Issur Danielovitch (1916-2020) was born in New York to a traditional Yiddish-speaking family of Jewish-Russian immigrants. Growing up in poverty, young Issur worked hard delivering newspapers and selling snacks to mill workers to help make a living. He studied at the local religious cheder, and was such a good student that everyone wanted him to become a rabbi. This frightened him, so he ended up moving to public school where he first got to act in plays. At this point, he went by the name Izzy Demsky (a last name he adopted from his uncle), and only changed his name to Kirk Douglas when he enlisted in the US Navy in 1941. Not long before that he graduated from St. Lawrence University, having convinced the dean to allow him to study for free since he had no money for tuition. While he tried to make it as an actor, Douglas also worked as a gardener, janitor, and professional wrestler. He eventually made it to the American Academy of Dramatic Arts and received a scholarship there, too. Douglas served in the navy for three years working in anti-submarine combat and was honourably discharged after being injured. After the war, he got his first acting job doing commercials and soap operas over the radio. A friend got him his first film role in 1946, after which he was instantly recognized as a “natural film actor”. He got his first Oscar nomination just three years later. Douglas was Hollywood’s biggest star through the 1950s and 60s, and took the lead in classic films like Spartacus (at that point the most expensive film ever made), The Bad and the Beautiful, Gunfight at the O.K. Corral, and Ace in the Hole (ranked among the greatest movies of all time). His portrayal of Vincent van Gogh in Lust for Life was especially praised. (He actually stayed in character throughout the weeks of filming, even when off-set!) He also played Israeli Hershel Vilnofsky in Victory at Entebbe, the first film about the famous rescue operation. All in all, Douglas starred in nearly 100 films, acted on Broadway, and made appearances in numerous TV shows. He also wrote 11 books, had his own film production company, and directed a number of films, too. Outside of Hollywood, Douglas was a noted philanthropist. He was an American goodwill ambassador for decades, donated some $50 million over his life to schools, hospitals, synagogues, and charities, and promised to leave most of his remaining $80 million net worth to charity as well. After a helicopter crash in 1991, he sought new meaning in life and rediscovered Judaism. He would write in his autobiography that while he once “tried to forget” that he was Jewish (though he never broke a Yom Kippur fast), he later realized “that you don’t have to be a rabbi to be a Jew.” Douglas became more observant, and had a second bar mitzvah at the age of 83. He studied Torah weekly with Rabbi David Wolpe. Douglas was also actively engaged with Aish HaTorah of Los Angeles, and helped support the Aish World Center across from the Western Wall in Jerusalem (the building’s Kirk Douglas Theater is named after him, as is Jerusalem’s Douglas Garden). Among his many awards are the Presidential Medal of Freedom, the French Legion of Honour, the National Medal of Arts, the King David Award, two Golden Globes and, of course, an Oscar for lifetime achievement. Sadly, Kirk Douglas passed away earlier today, aged 103. He is remembered as a film genius (who memorized not only his own lines, but seemingly every word of the entire script), a dedicated philanthropist, and one of the greatest actors of all time.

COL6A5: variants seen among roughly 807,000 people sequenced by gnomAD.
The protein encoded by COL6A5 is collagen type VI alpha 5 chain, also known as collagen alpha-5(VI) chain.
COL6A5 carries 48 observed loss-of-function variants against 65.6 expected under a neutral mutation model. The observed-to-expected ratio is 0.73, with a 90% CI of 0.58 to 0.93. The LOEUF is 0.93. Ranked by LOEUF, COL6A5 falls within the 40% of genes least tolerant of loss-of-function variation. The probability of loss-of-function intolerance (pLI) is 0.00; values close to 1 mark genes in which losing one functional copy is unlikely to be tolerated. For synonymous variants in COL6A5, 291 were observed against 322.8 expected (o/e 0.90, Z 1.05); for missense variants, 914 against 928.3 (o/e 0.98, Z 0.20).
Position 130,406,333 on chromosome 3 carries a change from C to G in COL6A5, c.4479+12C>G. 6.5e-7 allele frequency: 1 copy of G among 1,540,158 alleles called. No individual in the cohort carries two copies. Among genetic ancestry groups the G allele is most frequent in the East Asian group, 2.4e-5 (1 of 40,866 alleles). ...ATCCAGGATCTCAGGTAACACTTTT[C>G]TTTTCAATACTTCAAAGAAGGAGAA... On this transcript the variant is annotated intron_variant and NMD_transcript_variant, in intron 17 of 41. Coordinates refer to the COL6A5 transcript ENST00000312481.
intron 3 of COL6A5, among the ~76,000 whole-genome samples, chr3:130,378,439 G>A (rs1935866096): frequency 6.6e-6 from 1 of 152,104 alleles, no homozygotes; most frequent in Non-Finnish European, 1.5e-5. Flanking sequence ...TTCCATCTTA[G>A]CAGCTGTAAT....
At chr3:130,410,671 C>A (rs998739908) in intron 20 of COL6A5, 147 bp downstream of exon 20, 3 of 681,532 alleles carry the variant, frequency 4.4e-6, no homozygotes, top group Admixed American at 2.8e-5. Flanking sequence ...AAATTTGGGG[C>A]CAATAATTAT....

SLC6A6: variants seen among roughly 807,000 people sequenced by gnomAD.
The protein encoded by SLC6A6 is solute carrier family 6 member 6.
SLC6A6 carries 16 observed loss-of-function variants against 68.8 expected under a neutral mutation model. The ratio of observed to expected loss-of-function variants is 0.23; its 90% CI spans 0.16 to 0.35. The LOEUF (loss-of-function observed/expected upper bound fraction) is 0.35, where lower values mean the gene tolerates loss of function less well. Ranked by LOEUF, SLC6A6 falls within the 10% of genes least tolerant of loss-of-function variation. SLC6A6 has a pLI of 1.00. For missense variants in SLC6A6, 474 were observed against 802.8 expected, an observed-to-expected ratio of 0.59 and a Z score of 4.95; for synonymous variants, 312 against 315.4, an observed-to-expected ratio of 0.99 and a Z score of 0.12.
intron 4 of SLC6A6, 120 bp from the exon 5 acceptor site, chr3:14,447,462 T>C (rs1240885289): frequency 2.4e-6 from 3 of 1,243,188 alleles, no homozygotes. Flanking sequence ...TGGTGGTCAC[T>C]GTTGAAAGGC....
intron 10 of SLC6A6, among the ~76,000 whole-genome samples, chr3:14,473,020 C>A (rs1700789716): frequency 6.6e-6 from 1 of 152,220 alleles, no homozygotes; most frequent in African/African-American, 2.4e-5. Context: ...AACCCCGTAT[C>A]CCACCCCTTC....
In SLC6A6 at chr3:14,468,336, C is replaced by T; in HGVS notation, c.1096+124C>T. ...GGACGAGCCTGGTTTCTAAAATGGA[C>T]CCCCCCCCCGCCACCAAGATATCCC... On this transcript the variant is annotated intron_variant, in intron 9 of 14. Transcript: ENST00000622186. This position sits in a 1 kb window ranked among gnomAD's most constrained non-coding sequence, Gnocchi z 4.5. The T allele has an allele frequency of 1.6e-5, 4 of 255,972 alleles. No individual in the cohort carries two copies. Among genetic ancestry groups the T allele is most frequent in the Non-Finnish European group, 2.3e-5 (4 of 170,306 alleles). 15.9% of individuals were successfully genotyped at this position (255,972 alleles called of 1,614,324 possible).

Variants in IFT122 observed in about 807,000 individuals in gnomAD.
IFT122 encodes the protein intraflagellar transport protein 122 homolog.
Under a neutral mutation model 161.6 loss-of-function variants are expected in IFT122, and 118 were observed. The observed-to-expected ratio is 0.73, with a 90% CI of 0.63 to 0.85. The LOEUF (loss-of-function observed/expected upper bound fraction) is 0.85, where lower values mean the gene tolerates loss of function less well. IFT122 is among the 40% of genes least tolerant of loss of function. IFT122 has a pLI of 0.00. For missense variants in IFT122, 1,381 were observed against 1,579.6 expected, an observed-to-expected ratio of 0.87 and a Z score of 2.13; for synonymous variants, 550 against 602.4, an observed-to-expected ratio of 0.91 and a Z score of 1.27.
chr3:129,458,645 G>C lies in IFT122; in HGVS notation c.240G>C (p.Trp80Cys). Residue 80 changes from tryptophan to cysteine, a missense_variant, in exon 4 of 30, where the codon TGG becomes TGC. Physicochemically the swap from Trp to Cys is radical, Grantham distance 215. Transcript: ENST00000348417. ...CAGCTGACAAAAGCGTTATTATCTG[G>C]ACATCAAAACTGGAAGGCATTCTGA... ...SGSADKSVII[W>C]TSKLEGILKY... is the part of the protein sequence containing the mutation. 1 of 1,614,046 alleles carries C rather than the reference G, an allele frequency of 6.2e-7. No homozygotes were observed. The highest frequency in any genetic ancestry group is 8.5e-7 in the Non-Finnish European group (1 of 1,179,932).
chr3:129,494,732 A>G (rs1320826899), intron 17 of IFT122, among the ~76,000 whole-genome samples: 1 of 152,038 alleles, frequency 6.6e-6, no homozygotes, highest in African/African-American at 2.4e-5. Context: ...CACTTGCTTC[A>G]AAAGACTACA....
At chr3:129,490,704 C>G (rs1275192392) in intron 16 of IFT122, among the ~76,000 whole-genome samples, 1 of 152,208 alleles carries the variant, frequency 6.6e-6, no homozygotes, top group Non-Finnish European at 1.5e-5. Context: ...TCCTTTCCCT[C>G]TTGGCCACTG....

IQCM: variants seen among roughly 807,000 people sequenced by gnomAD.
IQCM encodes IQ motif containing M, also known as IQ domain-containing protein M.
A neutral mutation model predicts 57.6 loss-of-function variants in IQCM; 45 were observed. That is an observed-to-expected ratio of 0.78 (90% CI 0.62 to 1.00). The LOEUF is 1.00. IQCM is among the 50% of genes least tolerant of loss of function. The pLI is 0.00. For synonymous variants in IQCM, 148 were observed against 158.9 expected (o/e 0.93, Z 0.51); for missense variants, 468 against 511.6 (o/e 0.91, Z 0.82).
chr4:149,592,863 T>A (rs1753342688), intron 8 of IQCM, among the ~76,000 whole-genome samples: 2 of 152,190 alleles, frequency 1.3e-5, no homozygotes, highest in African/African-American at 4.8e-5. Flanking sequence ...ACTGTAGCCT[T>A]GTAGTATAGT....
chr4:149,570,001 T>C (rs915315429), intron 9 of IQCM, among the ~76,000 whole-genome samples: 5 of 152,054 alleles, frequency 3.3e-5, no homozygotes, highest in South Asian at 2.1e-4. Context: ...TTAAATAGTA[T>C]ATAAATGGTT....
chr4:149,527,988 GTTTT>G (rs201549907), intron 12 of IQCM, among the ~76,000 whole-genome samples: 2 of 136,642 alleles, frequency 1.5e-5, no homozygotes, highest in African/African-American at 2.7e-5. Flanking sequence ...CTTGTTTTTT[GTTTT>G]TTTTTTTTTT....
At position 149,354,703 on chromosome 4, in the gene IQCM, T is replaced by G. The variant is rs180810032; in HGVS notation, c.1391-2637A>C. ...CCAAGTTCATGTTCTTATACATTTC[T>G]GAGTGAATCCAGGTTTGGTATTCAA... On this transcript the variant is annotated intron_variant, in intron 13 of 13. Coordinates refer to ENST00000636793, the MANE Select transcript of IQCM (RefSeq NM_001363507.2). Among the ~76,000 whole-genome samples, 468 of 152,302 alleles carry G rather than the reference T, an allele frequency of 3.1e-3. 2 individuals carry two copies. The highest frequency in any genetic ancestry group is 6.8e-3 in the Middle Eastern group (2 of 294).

Words of the Week

The Torah is the greatest screenplay ever written.
– Kirk Douglas

Kirk Douglas at Aish HaTorah in Jerusalem, with Aish founder Rabbi Noah Weinberg on his left.